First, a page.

If I go to the freezer every night and scoop up a large bowl of chocolate marshmallow ice cream, after a while I will start to gain weight. Whose fault is that - mine or the spoon's?
Clearly the fault is my own since a spoon is an inanimate object with no will of its own. It is merely a tool used by humans in their quest to feed themselves. If I took all the spoons out my drawer but really wanted some ice cream I could contrive to use something else with which to scoop it. A fork might not be as efficient but could still get the job done. To paraphrase a trite but true phrase, spoons don't fatten people, people fatten people.
Yet after last month's tragic shooting in Newtown, Conn., most of the national discussion has centered on tools. Realistically, we cannot remove all the tools that are used to murder people. A look at the history of mass murder (defined as four or more people killed) shows people who want to kill others will find the way to do so.
Grant Duwe, author of "Mass Murder in the United States: A History," says mass murders are neither unique to America nor the modern era. Two terms that mean to go on a killing spree, amok and berserk, have been around for centuries, he said. Throughout this time mass murders have been accomplished with a variety of weapons: guns, of course, but also swords, axes, knives, arson and explosives.
The first school shooting in America occurred in the summer of 1764, when four Lenape American Indians shot a teacher and 10 students dead in Greencastle, Pa. More than a century passed until another school shooting occurred. Since then, the United States has experienced two waves of mass shootings. The first occurred in the 1920s and 30s with 1929 having the highest recorded mass murder rate in history. This wave was characterized by family killings and felony-related massacres (think Al Capone, gangsters and Prohibition).
The 40s and 50s were a tranquil period with regards to mass public shootings in America. Ironically, this was also a period when rifle clubs and guns themselves were in almost every high school. It was common for students to hunt in the morning and leave their guns hanging in cars and trucks parked in school lots all day long. Competitive shooters brought rifles into school and left them in their lockers or with a homeroom teacher. My research did not uncover one mass shooting at the hands of a rifle club member.
The second wave of mass shootings stretched from the mid-sixties to the early 1990s and began with the infamous University of Texas incident in which a student climbed a 27-story tower and shot and killed 14 people and wounded 31. It wasn't until the 1990s, though, that mass public shootings really started to tick upward. There were more than 40 mass public shootings in that that decade but the years 2000 to 2009 saw a drop as the number fell below 30. This past year, however, we witnessed seven mass public shootings. Suddenly it is starting to seem like these awful events are far too common.
Yet what gun laws have changed over those years that have made weapons more accessible? If anything, gun laws have become stricter over the past few decades yet those with murder on their minds and in their hearts find access to weapons, either by legal or illegal means.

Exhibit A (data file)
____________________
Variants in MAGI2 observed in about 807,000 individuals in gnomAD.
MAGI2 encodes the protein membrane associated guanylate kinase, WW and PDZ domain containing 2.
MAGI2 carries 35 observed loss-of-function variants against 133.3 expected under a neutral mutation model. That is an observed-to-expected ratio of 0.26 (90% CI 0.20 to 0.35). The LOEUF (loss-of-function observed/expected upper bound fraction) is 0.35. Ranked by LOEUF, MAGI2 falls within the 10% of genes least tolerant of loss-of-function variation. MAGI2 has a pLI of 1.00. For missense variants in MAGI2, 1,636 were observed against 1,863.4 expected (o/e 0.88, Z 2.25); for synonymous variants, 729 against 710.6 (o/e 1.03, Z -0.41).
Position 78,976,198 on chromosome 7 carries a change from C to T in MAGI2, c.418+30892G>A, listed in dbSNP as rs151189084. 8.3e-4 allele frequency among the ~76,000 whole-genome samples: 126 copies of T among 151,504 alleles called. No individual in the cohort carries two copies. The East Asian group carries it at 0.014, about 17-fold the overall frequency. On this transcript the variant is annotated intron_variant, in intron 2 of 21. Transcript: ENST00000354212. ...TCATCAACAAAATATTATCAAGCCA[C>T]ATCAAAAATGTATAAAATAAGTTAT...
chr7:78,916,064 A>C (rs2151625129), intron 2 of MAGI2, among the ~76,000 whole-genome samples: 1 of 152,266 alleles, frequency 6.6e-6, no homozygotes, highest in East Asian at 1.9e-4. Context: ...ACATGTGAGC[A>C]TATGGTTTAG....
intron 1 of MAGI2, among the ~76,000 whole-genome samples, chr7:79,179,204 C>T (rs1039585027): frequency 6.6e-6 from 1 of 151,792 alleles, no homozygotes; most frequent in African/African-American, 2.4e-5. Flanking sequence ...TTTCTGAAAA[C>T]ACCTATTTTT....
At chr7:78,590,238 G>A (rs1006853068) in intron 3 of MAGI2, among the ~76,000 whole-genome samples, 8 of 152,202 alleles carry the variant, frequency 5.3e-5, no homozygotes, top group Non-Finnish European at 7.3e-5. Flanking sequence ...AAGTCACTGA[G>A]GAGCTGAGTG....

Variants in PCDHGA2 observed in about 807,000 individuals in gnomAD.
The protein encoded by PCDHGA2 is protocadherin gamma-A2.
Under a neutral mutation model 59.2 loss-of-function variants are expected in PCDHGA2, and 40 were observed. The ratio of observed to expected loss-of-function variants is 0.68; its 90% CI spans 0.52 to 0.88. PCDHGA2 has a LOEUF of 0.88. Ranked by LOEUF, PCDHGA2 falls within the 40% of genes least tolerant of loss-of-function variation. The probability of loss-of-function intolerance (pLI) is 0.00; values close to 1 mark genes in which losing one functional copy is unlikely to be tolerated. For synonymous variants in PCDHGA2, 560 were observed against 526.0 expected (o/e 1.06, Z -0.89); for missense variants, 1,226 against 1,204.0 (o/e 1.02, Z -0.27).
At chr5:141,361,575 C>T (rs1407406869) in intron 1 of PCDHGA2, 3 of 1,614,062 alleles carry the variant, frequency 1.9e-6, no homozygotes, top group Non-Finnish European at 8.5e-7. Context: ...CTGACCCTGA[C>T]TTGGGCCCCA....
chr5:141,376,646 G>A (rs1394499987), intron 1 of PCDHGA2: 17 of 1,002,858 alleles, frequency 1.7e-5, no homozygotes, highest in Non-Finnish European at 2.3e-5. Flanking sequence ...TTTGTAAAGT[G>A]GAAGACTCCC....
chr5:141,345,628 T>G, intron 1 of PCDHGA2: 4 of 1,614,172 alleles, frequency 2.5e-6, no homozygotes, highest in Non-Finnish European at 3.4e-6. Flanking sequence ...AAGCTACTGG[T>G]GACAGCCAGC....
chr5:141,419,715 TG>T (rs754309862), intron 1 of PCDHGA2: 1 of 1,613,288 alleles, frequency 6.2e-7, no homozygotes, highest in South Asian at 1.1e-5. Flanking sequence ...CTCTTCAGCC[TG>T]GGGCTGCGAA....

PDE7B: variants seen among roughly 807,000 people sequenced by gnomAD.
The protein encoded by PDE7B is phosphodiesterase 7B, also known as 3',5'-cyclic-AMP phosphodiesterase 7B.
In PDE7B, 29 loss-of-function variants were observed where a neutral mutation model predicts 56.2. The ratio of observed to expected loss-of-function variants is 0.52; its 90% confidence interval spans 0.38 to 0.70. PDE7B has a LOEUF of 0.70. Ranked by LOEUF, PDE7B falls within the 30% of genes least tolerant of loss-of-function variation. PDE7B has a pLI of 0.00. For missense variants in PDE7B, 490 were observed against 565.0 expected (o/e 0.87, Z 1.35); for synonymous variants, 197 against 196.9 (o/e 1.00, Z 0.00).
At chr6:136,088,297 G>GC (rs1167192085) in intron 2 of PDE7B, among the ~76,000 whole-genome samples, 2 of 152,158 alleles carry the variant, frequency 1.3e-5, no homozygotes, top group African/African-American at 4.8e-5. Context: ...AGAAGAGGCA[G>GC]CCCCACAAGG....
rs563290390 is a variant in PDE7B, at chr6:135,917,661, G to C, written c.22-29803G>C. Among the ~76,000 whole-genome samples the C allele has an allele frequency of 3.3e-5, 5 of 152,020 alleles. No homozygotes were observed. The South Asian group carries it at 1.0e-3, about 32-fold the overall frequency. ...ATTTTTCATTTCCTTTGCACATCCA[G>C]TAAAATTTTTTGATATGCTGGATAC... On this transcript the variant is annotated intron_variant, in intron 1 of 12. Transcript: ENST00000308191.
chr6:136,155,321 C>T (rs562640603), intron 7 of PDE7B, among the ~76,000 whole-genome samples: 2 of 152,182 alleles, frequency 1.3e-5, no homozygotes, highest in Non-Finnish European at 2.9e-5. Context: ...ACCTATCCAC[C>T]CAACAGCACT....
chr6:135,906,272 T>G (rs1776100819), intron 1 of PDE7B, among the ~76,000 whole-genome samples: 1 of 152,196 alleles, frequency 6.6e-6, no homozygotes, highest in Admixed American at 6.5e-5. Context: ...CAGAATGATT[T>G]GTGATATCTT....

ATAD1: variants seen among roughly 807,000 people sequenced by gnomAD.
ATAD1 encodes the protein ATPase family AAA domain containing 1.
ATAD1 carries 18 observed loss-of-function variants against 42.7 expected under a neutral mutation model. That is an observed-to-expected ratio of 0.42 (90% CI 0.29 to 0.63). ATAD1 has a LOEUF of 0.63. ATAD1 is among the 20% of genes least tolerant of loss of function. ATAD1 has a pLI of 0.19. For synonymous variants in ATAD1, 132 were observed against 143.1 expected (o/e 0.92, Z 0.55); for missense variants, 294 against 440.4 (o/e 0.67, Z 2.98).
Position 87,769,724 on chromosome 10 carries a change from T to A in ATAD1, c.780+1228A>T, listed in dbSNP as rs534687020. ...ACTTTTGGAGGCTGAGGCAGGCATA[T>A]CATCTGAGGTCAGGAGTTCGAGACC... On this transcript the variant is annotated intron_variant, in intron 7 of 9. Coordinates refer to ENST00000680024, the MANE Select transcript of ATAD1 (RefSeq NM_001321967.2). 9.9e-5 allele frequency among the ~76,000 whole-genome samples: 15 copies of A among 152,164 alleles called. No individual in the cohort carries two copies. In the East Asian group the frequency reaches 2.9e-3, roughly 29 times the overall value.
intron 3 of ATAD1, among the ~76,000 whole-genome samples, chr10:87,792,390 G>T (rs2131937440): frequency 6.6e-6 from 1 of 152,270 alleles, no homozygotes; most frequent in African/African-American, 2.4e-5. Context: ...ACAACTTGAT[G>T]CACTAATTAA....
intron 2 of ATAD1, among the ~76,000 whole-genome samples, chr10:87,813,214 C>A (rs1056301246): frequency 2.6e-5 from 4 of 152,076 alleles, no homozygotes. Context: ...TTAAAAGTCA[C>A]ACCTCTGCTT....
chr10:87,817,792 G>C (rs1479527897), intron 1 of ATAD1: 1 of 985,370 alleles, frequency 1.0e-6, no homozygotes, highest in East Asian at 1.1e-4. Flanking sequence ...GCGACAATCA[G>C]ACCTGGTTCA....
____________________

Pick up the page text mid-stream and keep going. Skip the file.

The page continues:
This brings us to the one constant in these horrific crimes - people. Mentally unstable and disturbed individuals have always existed and their illness sometimes (though actually very seldom) reveals itself in murderous behavior. The tools they use vary from crime to crime and all the laws in the world seem unable to prevent someone who really wants to kill from doing so. Think about it - is someone intent on breaking God's or nature's law against taking life really going to be concerned about breaking man-made laws about which tools he cannot use?
It is especially frustrating to watch lawmakers in Vermont, many of whom don't seem to know a magazine from a clip or an automatic from a semi-automatic weapon, jump on the anti-gun bandwagon. Vermont does not have a gun problem and many would say this is precisely because our gun laws are so liberal; there is respect for firearms here. According to FBI statistics Vermont has one of the lowest rates of criminal firearms usage in the nation and our murder rate involving guns is an extremely low 0.75, making us 44th out of 50 states. Robberies and assaults involving guns also rank very low here. So why do lawmakers and city councils feel it necessary to fix what obviously isn't broken?
Worse, emotionally-driven laws punish responsible citizens and gun owners but do little to inhibit those who disregard laws. They also make it more difficult for law-abiding citizens to protect themselves. Incidents of lives being saved by gun are many but receive little attention from the media or the politicians. Just like spoons, guns can be used for good or evil,
As with any situation involving human beings, circumstances surrounding shooting incidents are complex. We can never predict and prevent the many factors that lead to someone taking murderous actions. We might feel better as a society when we put a bandage on the collective emotional wound these incidents open but we rarely put in place measures that actually prevent more. People have been finding ways to kill each other for centuries. Unfortunately, laws won't change that.
Audrey Pietrucha is a member of the executive board of Vermonters for Liberty. She can be reached at firstname.lastname@example.org.